Allah knows best, but to me this was all drama and set up and most everyone I’ve talked in Pakistan think the same. It helps nobody but BB and Mush. If you really want to kill a politician in Pakistan, due to many number of sellouts and lack of real security, you usually successed, i.e. Liaqat Ali Khan, Ziaul Haq and many lesser known ones.

    The reason India is “ahead” is because it chose a system (secularism) and went with it—and I think it’s more than 10+ years ahead. On the other hand, Pakistan is fighting between having a theology (even if a semi-theology) and a secular country. Plus, “external” forces are always on the move to destabalize this country unlike India. This is not to say that the blame doesn’t lie with the Pakistanis who have allowed themselves to get manipulated. The thing is more than any other Muslim country (except maybe SA) Pakistan’s government has to a certain degree accepted Islam in its governance (although by force; mostly notably during Ziaul Haq’s time). Of course, many people never liked that and hence the termoil is created.

    And, this tension has been from the word go. Jinnah spoke through both sides of his mouth. When talking to elite (at some social club like Karachi gymkhana or something) he talked like a secularist. But, when talking to common folks and the masses, it was all about Islam this and Islam that although in his heart he was a secularist.

    So, you can see the elite who has always ruled Pakistan has never been in touch with the masses except in Zia’s time to a certain degree. And, this is mostly because nobody has listened to their wishes.

    The elite seems to get some sort of support from the masses but it’s an illusion. The “masses” consist of poor people (and Pakistan has one of the highest illetracy rate among Muslim countries). Just lure them with the words “housing schemes, free land for cultivation…i.e. Makan (home), roti (food), kapra (clothing)). Exception to this is probably MQM (an ethnic party based out of Karachi made mostly of middle class), but its leadership was staunchly secular (which they hid or was not noticed initially due to ethnic slogans) while its mass was not so much.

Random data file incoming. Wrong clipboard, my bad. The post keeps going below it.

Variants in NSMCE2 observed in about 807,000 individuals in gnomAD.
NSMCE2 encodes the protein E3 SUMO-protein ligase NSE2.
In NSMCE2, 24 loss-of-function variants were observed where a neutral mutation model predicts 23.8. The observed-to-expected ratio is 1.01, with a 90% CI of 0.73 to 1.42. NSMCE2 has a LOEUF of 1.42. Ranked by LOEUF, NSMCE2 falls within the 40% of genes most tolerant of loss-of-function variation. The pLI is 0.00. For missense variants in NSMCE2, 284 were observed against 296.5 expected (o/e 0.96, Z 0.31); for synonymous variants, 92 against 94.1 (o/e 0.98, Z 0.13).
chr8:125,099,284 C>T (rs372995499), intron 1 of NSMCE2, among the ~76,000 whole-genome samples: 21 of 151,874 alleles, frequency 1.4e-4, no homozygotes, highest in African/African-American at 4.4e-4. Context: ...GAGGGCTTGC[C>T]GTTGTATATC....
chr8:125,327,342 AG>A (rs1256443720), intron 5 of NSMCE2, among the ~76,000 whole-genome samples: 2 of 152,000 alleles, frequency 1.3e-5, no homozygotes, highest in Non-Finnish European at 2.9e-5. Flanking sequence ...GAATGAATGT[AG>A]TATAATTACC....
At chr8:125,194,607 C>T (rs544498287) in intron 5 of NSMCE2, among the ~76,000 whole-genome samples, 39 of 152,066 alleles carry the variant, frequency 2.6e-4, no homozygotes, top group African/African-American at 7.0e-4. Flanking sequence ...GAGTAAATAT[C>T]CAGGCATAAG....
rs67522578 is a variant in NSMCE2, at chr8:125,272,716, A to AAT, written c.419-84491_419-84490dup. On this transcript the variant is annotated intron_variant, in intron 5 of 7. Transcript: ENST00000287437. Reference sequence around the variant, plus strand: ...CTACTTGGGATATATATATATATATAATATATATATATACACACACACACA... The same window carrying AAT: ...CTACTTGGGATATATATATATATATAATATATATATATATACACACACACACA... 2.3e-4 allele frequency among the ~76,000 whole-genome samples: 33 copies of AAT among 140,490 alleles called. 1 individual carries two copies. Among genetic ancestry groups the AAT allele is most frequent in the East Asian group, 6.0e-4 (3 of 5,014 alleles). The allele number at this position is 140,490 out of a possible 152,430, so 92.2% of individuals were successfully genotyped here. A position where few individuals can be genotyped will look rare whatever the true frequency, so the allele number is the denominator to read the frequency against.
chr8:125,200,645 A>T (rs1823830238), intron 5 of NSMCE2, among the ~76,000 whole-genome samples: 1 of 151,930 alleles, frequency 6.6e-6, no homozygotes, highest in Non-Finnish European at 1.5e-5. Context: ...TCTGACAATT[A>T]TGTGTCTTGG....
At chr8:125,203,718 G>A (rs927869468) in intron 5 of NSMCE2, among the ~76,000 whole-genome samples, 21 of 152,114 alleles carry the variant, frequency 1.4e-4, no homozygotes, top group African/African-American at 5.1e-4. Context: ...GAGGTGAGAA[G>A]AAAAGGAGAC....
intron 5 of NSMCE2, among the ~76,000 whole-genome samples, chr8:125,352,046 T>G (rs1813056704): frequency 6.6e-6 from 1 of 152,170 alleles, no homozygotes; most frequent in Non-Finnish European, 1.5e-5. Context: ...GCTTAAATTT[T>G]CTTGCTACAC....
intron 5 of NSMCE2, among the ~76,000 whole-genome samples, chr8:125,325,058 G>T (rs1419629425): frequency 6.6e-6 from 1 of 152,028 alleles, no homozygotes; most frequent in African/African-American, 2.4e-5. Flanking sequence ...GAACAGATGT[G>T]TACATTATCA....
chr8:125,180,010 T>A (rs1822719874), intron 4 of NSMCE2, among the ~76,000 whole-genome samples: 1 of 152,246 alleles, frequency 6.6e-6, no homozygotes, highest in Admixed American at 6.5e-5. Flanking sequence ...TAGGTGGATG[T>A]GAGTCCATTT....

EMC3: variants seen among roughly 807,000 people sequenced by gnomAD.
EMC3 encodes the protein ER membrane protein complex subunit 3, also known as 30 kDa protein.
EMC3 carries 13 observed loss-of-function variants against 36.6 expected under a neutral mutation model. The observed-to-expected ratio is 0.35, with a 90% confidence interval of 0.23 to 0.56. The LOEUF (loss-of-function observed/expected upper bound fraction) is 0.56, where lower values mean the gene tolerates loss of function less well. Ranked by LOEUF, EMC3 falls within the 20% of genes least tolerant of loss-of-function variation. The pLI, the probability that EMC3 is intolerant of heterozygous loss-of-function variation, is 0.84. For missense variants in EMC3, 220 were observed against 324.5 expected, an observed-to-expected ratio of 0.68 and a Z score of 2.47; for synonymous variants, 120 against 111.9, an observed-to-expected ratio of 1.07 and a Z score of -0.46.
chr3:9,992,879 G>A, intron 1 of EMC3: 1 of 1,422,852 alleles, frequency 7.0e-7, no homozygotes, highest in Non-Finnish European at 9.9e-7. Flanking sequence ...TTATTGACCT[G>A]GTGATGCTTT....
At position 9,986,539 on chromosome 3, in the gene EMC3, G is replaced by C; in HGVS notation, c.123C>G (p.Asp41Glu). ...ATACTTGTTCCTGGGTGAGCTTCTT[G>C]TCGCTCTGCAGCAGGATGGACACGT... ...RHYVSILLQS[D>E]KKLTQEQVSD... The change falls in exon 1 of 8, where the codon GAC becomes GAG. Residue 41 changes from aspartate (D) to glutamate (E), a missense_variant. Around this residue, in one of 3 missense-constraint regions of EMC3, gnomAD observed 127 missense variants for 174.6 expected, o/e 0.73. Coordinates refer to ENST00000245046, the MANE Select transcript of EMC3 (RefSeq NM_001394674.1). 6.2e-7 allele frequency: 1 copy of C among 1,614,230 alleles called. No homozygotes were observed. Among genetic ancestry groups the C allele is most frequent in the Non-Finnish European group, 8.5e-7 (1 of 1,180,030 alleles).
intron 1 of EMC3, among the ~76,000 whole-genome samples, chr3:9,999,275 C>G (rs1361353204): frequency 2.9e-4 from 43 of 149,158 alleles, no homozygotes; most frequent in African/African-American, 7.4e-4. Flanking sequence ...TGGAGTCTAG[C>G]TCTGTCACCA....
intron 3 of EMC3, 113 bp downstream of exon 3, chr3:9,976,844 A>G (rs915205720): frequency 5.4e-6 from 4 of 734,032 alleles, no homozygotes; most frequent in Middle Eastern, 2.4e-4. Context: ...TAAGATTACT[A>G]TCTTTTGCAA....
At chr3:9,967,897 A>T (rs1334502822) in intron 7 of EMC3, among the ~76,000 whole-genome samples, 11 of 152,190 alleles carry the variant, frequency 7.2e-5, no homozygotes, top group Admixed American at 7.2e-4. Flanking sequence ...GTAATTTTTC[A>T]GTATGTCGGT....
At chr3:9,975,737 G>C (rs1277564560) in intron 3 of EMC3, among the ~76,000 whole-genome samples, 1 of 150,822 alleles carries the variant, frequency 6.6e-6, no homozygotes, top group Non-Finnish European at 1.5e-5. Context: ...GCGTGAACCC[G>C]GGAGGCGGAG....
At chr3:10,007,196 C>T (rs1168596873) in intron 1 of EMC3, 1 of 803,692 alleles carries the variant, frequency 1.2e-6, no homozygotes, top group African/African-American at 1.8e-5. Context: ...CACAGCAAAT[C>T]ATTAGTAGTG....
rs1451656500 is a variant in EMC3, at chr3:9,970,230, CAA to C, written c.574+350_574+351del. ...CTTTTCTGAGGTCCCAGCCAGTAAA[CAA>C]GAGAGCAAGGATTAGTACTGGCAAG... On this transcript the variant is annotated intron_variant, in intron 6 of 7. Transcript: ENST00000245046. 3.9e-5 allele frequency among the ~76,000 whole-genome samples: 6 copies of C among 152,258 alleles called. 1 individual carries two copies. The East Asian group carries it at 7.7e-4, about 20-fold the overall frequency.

Almost every single supporter of BB who died two days ago was a poor person…literally farmers from the villages or those who moved to cities from the interior. In the streets of Karachi, the rate is being said to be Rs. 500…meaning, these people were given Rs.500 for coming out. Even my friends told me that a private channel correspondent asked a supporter why he was there and he didn’t have a clue that BB was coming. Yes, most people knew BB was coming but this goes to show what was the real motivation. Another of my friend asked: Which shareef (read educated/sensible/normal middle class…shareef is just the way of saying this) people are dancing or milling about on the streets of Karachi at 1:00 am (the time of the blast).

    May Allah forgive those who died, have mercy on them, enter them in Jannah and give patience to their families. And, give BB and the rest of politicans what they deserve.

    Lastly, I hope those who’ve lived most of their lives outside Pakistan would make mature statements about the situation/country because, with all due respect, they have little clue and sitting in the West and being more wordly is no gurantee of knowing the complexities and realities. I myself am careful because I’m not currently living there so can’t directly experience what the realities.

  6. Avatar


    October 21, 2007 at 12:58 AM

    as salaam alaikum

    subhanAllah really sad :(

    yeah, I think i’d take Imran Khan! Junaid Jamshed would be cool too. :)

  7. Avatar


    October 21, 2007 at 2:58 AM

    I was wondering that myself Br Amad. What about Imran Khan? I don’t know much about him but from what little I have heard him say or what I’ve heard about him, it seems to be better than all these three other clowns combined.